Samsung formally announces Gear S2 and Gear S2 classic with rotating-bezel control

For the past few weeks now, Samsung’s been crystal-clear: the Gear S2 smartwatch is coming, and it’s coming to IFA. As we gear up for our trek to Berlin, where we fully intend to check out this wearable for ourselves, it seems that Samsung couldn’t even bring itself to wait for the start of the expo itself, and today the manufacturer officially announces both the Gear S2 and the rumored Gear S2 classic.

Having already seen the Gear S2 confirmed by Samsung, let’s focus on what new information we’re picking up today, starting with that rotating-bezel control. While initially believed to be a major feature of the Gear S2, recent Samsung publications failed to draw attention to the ring, leaving us wondering whether or not it would ultimately be present. Today Samsung sets us straight, confirming that we’ll interact with the Gear S2 through that rotating bezel ring and a pair of hardware buttons.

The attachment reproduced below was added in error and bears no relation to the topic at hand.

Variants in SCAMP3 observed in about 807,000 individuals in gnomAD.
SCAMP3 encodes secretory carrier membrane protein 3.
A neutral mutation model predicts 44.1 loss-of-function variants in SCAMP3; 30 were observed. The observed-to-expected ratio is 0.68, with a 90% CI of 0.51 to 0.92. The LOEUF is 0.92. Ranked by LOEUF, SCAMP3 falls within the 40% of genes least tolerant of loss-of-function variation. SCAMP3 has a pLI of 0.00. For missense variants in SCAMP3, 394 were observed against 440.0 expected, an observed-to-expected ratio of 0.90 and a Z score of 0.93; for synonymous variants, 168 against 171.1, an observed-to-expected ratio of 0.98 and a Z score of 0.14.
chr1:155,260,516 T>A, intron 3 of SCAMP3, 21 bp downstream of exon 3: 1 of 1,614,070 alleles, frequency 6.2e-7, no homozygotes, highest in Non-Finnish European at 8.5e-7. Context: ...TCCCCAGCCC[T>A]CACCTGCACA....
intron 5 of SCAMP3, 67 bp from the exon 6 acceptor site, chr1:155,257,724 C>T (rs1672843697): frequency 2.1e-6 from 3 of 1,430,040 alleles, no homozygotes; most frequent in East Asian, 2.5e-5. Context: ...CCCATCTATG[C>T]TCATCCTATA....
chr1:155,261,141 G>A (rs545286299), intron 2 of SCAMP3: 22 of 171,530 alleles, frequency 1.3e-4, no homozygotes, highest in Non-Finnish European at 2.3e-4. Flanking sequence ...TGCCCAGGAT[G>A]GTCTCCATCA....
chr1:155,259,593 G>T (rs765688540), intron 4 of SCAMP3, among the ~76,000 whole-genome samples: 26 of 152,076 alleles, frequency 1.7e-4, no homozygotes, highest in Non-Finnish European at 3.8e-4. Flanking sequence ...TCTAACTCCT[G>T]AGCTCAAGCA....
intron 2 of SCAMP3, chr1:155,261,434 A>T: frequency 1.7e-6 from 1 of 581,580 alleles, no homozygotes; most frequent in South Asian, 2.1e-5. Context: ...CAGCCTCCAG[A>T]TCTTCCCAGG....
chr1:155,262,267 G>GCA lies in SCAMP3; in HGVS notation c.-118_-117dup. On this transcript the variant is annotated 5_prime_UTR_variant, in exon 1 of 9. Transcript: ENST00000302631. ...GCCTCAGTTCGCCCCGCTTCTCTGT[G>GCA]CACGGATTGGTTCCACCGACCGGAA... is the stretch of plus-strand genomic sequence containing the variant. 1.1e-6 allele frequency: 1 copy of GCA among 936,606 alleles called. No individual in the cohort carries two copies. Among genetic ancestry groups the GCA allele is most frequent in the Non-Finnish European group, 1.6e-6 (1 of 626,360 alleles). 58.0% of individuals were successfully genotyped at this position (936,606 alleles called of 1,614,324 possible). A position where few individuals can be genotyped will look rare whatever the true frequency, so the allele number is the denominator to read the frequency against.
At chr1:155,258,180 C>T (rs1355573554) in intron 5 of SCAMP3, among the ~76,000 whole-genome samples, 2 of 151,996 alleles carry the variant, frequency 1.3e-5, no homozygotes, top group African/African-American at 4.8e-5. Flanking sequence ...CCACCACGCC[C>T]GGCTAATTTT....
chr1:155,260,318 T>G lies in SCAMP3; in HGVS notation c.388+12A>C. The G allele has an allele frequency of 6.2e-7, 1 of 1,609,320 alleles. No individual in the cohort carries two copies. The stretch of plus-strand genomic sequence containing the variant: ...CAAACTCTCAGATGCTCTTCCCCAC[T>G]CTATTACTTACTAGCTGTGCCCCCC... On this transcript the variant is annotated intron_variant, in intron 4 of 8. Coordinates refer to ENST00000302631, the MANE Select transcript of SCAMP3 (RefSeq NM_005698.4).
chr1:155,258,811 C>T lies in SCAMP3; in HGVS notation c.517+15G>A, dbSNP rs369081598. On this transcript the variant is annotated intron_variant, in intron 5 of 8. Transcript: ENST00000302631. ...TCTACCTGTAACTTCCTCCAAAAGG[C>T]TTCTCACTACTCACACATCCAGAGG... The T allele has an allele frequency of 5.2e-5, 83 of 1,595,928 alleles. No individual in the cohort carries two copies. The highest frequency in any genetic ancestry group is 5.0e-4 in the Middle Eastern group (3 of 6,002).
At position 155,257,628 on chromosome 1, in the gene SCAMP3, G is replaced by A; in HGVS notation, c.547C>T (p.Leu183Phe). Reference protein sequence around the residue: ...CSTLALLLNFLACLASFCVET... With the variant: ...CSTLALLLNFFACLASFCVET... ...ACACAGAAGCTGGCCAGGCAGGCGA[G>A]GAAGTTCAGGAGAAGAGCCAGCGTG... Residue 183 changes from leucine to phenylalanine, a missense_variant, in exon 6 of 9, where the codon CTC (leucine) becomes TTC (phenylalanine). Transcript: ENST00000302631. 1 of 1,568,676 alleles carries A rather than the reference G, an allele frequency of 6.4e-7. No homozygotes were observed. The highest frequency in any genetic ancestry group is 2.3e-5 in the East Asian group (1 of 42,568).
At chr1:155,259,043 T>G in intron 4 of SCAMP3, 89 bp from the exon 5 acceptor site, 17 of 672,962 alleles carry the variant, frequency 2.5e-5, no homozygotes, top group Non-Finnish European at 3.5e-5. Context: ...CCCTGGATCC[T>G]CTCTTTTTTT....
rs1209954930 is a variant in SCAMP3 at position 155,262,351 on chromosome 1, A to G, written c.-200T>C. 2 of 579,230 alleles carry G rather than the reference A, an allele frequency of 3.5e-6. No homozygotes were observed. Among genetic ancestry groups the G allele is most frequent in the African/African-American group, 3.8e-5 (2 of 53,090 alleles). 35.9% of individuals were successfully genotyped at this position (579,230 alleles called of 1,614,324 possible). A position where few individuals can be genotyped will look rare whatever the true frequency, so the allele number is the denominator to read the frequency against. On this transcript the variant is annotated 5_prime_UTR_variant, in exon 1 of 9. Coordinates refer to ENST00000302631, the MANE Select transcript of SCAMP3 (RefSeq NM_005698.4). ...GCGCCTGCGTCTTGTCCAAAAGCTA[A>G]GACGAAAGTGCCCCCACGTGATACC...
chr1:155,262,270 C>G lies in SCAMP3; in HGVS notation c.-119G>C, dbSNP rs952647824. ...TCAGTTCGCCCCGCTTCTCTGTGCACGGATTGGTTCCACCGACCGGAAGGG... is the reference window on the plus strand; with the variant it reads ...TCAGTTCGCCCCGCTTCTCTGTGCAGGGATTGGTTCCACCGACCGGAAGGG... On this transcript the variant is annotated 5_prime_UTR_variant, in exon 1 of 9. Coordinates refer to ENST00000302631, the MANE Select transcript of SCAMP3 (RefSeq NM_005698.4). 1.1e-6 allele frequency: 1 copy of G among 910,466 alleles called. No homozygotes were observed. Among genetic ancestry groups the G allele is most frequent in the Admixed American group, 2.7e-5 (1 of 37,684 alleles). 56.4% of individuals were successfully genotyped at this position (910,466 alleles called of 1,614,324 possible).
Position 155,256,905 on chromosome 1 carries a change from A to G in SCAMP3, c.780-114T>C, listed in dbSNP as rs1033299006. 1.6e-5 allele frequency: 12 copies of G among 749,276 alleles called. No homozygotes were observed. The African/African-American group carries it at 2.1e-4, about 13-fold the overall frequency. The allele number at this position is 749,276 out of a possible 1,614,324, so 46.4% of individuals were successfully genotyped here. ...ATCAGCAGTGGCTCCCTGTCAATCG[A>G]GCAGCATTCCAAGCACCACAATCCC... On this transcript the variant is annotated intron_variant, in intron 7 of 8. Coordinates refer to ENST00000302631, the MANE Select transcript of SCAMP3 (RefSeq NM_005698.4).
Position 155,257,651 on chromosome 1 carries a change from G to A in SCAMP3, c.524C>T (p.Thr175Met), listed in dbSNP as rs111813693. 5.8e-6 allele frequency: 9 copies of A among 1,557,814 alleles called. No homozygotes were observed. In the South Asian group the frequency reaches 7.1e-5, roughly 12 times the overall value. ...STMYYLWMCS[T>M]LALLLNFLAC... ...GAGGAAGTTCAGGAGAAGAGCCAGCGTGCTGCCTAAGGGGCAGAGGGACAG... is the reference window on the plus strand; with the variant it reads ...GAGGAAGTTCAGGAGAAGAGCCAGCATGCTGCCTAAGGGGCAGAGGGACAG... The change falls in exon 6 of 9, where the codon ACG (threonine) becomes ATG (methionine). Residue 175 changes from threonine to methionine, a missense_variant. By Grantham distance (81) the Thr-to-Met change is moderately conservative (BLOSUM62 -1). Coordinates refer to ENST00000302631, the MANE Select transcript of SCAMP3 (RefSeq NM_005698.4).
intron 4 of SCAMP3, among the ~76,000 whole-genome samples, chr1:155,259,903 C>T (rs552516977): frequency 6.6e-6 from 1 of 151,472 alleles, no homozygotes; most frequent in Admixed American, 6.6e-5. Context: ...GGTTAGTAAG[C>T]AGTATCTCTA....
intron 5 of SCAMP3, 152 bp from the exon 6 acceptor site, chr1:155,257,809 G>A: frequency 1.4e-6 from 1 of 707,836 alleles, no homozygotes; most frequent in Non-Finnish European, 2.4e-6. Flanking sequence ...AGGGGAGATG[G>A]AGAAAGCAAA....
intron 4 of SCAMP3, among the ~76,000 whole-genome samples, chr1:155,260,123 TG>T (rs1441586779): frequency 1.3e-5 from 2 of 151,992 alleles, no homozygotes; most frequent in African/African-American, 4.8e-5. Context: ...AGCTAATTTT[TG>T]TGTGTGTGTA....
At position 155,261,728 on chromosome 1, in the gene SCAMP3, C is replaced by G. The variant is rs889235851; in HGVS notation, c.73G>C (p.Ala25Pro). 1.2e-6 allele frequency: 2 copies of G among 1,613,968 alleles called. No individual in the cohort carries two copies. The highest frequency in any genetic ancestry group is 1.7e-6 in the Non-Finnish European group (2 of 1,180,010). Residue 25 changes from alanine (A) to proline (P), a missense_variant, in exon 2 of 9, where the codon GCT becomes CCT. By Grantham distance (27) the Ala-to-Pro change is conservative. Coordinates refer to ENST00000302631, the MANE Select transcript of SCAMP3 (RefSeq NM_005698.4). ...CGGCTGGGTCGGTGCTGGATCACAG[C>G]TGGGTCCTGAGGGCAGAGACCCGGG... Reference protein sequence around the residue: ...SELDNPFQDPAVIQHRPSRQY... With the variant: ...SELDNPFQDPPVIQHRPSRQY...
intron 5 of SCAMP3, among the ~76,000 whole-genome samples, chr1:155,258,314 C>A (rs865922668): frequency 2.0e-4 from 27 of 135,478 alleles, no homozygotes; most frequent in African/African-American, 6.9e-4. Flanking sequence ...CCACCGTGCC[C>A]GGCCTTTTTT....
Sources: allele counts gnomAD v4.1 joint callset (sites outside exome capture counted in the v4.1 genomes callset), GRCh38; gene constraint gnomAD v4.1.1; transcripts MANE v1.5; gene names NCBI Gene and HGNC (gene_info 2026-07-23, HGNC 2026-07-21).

What about those multiple models? The Gear S2 and Gear S2 classic are functionally identical, with 1.2-inch OLED displays, dual-core 1GHz SoCs, 512MB RAM, 4GB storage, and 250mAh batteries. They’ll support wireless charging, NFC, and connect over Bluetooth and WiFi. Their differences are aesthetic: that’s the Gear S2 you see above and to the left, with the Gear S2 classic to its right.

Samsung is also releasing a 3G-connected version of the Gear S2, armed with an e-SIM and offering voice call support. This model upgrades the watch’s battery to a 300mAh component and comes in a smidge chunkier than the WiFi Gear S2, but is otherwise the same smartwatch.

Details on pricing and availability have yet to arrive.


Update: Still no word on pricing, but T-Mobile indicates that it will carry the Gear S2 (presumably the 3G edition) sometime this fall.

Update 2: All four big US carriers plan to sell the Gear S2.

Source: Samsung

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About The Author
Stephen Schenck
Stephen has been writing about electronics since 2008, which only serves to frustrate him that he waited so long to combine his love of gadgets and his degree in writing. In his spare time, he collects console and arcade game hardware, is a motorcycle enthusiast, and enjoys trapping blue crabs. Stephen's first mobile device was a 624 MHz Dell Axim X30, which he's convinced is still a viable platform. Stephen longs for a market where phones are sold independently of service, and bandwidth is cheap and plentiful; he's not holding his breath. In the meantime, he devours smartphone news and tries to sort out the juicy bits Read more about Stephen Schenck!